Author: This article is part of an expert piece written by Dr. Charbel Rizk, the Founder & CEO of Oculi® - a spinout from Johns Hopkins - a fabless semiconductor startup commercializing patented technology to address the huge inefficiencies with vision technology. In this article, Dr. Rizk discusses the hypothesis that he and his team have developed: Efficient Vision Intelligence (VI) is a prerequisite for effective Artificial Intelligence (AI) for edge applications and beyond.
Despite astronomical advances, human vision remains superior to machine vision and is still our inspiration. The eye is a critical component, which explains the predominance of cameras in AI. With mega-pixels of resolution and trillions of operations per second (TOPS), one would expect vision architecture (camera + computer) today to be on par with human vision. However, current technology is as high as 40,000x behind, particularly in terms of efficiency. It is the combination of the time and energy “wasted” in extracting the required information from the captured signal that is to blame for this inefficiency. This creates a fundamental tradeoff between time and energy, and most solutions optimize one at the expense of the other.
We remain a far cry from replicating the efficacy and speed of human vision. So what is the problem? The answer is surprisingly simple:
Cameras and processors operate very differently relative to the human eye and brain, largely because they were historically developed for different purposes. Cameras were built for accurate communication and reproduction. Processors have evolved over time with the primary performance measure being operations per second. The latest trend is domain specific architecture (i.e. custom chips), driven by demand from applications which may see benefit in specialized implementations such as image processing.
Another important disconnect, albeit less obvious, is the architecture itself. When a solution is developed from existing components (i.e. off-the-self cameras and processors), it becomes difficult to integrate into a flexible solution and more importantly dynamically optimize in real-time, a key aspect of human vision.
Machine versus Human Vision
To compare, we need to first examine the eyes and brain and the architecture connecting them.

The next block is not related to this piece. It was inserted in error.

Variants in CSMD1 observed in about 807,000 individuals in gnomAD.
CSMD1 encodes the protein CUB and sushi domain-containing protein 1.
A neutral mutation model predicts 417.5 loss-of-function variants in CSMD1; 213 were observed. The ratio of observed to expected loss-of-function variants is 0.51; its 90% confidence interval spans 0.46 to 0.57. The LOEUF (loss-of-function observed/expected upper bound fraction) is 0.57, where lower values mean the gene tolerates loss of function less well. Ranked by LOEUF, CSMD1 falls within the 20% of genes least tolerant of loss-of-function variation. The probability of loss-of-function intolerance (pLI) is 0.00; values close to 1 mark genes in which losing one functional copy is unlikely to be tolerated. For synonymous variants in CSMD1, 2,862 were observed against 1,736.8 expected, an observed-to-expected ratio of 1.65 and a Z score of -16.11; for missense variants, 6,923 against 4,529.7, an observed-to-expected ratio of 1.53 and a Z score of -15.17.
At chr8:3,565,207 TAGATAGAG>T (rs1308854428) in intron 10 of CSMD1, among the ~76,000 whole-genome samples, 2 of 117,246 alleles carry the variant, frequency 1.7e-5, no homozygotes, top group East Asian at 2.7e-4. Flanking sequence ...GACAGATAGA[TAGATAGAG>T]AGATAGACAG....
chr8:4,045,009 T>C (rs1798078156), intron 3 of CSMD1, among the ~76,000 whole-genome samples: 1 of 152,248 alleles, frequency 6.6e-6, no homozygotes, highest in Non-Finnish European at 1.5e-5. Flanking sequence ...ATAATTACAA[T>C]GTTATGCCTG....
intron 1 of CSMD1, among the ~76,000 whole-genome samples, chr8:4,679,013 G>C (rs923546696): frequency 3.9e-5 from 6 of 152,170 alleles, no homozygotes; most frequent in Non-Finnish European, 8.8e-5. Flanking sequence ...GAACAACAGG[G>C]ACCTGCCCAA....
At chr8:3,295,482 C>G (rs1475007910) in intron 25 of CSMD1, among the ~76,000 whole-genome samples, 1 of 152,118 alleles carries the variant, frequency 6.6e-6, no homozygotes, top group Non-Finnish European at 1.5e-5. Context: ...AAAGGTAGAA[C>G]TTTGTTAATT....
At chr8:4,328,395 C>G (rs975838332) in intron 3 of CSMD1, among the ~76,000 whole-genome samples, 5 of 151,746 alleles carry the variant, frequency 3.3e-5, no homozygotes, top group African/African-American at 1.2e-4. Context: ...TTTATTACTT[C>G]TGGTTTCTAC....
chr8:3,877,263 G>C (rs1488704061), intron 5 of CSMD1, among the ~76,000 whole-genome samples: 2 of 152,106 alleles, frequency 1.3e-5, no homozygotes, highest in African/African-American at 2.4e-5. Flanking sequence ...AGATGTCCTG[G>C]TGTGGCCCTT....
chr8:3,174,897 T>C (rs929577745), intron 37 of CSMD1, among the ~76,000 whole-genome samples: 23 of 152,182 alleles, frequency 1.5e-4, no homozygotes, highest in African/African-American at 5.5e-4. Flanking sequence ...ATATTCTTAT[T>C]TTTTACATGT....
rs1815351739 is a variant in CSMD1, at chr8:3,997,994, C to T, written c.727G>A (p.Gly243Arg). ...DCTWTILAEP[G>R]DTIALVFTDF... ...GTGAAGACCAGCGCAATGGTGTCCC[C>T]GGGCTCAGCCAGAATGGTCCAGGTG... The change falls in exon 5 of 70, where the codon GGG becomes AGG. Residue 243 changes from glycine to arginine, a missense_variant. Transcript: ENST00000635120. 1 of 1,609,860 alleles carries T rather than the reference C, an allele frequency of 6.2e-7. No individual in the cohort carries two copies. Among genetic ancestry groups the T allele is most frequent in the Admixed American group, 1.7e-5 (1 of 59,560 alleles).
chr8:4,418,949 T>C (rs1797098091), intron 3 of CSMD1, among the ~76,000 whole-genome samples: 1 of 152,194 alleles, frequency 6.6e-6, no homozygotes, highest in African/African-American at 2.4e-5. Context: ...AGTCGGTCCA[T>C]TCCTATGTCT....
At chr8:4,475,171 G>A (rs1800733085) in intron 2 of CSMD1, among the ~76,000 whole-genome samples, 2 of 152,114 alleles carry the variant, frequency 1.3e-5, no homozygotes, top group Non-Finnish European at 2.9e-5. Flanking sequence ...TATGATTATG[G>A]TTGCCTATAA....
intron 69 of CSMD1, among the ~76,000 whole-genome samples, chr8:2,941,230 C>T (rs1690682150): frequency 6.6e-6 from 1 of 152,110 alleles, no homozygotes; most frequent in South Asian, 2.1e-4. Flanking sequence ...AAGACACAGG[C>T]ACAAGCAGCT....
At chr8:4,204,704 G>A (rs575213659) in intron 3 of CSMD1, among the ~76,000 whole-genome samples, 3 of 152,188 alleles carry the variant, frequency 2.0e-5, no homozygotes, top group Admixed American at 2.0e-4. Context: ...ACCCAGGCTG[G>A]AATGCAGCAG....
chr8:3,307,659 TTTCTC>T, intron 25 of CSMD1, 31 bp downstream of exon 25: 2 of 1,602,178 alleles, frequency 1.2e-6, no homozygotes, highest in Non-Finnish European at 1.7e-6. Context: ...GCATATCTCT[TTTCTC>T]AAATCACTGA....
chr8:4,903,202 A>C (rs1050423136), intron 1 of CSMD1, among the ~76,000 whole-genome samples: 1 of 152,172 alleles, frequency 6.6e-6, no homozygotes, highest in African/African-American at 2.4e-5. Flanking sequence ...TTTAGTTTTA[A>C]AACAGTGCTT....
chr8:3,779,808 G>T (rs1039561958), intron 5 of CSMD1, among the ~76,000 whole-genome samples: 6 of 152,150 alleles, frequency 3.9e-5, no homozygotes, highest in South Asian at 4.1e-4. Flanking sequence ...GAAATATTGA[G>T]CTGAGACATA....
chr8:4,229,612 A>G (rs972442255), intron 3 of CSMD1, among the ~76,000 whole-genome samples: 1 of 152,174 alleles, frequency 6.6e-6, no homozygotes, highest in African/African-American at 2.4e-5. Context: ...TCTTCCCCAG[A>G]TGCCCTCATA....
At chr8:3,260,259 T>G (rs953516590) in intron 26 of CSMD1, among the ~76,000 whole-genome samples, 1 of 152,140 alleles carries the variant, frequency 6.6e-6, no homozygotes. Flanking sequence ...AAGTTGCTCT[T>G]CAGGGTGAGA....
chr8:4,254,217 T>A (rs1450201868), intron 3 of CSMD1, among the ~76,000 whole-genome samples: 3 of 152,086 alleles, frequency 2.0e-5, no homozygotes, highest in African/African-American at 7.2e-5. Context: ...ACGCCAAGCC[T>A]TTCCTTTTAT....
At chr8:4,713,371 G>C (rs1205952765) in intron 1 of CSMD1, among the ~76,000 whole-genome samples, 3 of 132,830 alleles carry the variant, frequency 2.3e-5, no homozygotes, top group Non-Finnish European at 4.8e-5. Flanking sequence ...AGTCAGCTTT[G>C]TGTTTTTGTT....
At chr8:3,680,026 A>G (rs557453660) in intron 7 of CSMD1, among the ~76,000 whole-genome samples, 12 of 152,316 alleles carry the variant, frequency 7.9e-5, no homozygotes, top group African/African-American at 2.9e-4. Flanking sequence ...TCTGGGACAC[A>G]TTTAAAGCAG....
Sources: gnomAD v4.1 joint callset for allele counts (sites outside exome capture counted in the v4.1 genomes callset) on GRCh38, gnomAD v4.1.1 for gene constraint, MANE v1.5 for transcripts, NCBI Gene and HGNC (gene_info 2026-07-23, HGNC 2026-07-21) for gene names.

The eye has ~100x more resolution, and if it were operated like a camera it would transfer ~600 Gb/s to the brain. However, the eye-brain “data link” has a maximum capacity of 10 Mbits/sec. So how does it work? The answer is again simple: eyes are specialized sensors which extract and transfer only the “relevant” information (vision intelligence), rather than taking snapshots or videos to store or send to the brain. While cameras are mostly light detectors, the eyes are sophisticated analysts, processing and extracting clues. This sparse but high-yield data is received by the brain for additional processing and eventual perception. Reliable and rapid answers to: What is it?Where is it? and eventually, What does it mean? are the goals of all the processing. The first two questions are largely answered within the eye. The last is answered in the brain. Finally, an important element in efficiency is the communication architecture itself. The eye and the brain are rarely performing the same function at any given moment. There are signals from the brain back to the eye that allow the two organs to continuously optimize and focus on the task at hand.
Efficient Vision Intelligence (VI) is a prerequisite for effective Artificial Intelligence (AI) for edge applications
Everyone is familiar with the term Artificial Intelligence, but what is Vision Intelligence (VI)?
It accurately describes the output of an efficient and truly smart vision sensor like the eye. One that intelligently and efficiently selects and transfers relevant data at a sustainable bandwidth. Biology demonstrates that the eye does a good deal of parallel pre-processing to identify and discard noise (data irrelevant to the task at hand), transferring only essential information. A processing platform that equals the brain is an important step in matching human perception, but not sufficient to achieve human vision without “eye-like” sensors. In the world of vision technology, the human eye represents the power and effectiveness of true edge processing and dynamic sensor optimization.